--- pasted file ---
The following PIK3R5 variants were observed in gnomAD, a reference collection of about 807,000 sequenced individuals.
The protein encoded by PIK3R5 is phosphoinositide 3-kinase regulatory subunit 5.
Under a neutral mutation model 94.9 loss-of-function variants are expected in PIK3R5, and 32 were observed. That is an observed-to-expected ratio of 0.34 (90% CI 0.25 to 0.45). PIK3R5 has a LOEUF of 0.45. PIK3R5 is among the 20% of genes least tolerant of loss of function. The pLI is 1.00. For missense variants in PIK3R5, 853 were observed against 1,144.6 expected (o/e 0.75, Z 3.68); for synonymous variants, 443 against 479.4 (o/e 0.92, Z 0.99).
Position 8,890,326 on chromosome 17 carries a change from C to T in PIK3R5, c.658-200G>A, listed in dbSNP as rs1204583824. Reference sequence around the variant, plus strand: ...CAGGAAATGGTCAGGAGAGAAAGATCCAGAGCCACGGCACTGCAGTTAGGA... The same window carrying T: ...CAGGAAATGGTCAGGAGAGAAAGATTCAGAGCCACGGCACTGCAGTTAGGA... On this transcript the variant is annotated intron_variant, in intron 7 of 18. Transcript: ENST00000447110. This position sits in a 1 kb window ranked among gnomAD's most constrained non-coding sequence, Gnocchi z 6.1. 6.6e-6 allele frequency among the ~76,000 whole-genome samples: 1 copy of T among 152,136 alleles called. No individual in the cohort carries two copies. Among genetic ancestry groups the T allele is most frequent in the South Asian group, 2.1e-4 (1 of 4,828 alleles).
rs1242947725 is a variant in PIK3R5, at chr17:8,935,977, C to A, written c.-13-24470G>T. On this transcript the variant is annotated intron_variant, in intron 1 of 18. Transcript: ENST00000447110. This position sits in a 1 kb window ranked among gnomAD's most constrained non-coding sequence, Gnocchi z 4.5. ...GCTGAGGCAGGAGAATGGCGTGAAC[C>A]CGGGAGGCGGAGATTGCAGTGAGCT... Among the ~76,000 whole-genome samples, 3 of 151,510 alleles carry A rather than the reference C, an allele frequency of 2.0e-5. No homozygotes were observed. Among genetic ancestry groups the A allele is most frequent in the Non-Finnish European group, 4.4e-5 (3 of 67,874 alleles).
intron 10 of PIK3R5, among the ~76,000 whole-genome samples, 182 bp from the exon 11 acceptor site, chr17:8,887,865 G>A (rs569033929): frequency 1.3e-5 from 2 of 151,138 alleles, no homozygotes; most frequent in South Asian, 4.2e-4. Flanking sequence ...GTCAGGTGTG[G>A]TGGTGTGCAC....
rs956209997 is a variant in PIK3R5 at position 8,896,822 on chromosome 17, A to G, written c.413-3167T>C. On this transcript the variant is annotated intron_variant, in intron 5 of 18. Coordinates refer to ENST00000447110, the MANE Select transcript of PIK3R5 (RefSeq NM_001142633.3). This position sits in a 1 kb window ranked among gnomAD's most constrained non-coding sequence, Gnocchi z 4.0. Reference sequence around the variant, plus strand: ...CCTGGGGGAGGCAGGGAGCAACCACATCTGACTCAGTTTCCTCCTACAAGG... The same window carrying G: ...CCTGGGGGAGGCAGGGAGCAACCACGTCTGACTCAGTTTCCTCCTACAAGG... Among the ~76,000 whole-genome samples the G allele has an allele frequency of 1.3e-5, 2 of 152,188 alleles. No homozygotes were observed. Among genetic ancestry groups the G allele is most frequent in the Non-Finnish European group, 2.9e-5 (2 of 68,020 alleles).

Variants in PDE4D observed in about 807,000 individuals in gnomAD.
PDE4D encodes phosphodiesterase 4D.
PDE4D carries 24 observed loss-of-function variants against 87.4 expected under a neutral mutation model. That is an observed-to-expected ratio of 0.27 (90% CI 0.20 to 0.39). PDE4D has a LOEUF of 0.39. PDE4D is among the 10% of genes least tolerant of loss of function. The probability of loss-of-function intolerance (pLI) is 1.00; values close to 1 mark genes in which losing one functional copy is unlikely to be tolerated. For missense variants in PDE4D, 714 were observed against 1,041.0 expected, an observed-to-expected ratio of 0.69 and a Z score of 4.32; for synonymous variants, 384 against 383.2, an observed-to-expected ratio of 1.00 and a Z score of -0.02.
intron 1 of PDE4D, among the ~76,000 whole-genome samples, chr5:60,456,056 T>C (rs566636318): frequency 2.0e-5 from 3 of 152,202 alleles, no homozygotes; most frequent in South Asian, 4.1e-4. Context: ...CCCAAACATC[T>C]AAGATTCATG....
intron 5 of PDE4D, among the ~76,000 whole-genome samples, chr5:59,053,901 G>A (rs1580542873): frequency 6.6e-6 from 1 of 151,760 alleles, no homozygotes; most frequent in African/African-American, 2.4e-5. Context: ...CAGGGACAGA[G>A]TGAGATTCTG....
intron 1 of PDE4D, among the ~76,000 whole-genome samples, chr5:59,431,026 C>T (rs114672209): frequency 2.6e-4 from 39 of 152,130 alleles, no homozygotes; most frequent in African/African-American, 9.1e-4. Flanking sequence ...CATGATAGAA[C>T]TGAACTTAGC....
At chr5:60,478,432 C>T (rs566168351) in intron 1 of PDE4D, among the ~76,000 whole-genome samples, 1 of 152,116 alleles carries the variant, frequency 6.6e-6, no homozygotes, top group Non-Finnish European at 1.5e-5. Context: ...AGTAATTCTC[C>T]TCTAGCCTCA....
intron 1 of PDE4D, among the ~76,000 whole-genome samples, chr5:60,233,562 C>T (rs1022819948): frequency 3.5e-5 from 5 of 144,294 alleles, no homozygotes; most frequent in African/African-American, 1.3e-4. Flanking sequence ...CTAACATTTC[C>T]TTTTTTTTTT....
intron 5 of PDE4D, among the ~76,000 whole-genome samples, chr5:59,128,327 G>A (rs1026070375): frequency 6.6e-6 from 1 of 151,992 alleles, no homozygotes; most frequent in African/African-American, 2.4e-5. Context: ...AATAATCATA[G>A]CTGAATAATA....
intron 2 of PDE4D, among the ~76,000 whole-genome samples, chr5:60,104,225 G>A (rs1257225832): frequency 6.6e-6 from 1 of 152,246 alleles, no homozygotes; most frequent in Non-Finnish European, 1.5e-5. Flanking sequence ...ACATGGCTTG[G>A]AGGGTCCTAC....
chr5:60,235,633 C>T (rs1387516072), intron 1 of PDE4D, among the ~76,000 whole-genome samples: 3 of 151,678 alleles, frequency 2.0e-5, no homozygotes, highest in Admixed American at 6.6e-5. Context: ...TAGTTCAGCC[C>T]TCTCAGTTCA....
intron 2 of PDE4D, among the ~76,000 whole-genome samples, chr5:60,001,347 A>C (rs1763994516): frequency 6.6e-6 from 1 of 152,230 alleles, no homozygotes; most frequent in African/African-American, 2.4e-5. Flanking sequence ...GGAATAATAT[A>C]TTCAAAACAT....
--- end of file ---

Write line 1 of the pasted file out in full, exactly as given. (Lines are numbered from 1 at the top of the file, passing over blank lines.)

The following PIK3R5 variants were observed in gnomAD, a reference collection of about 807,000 sequenced individuals.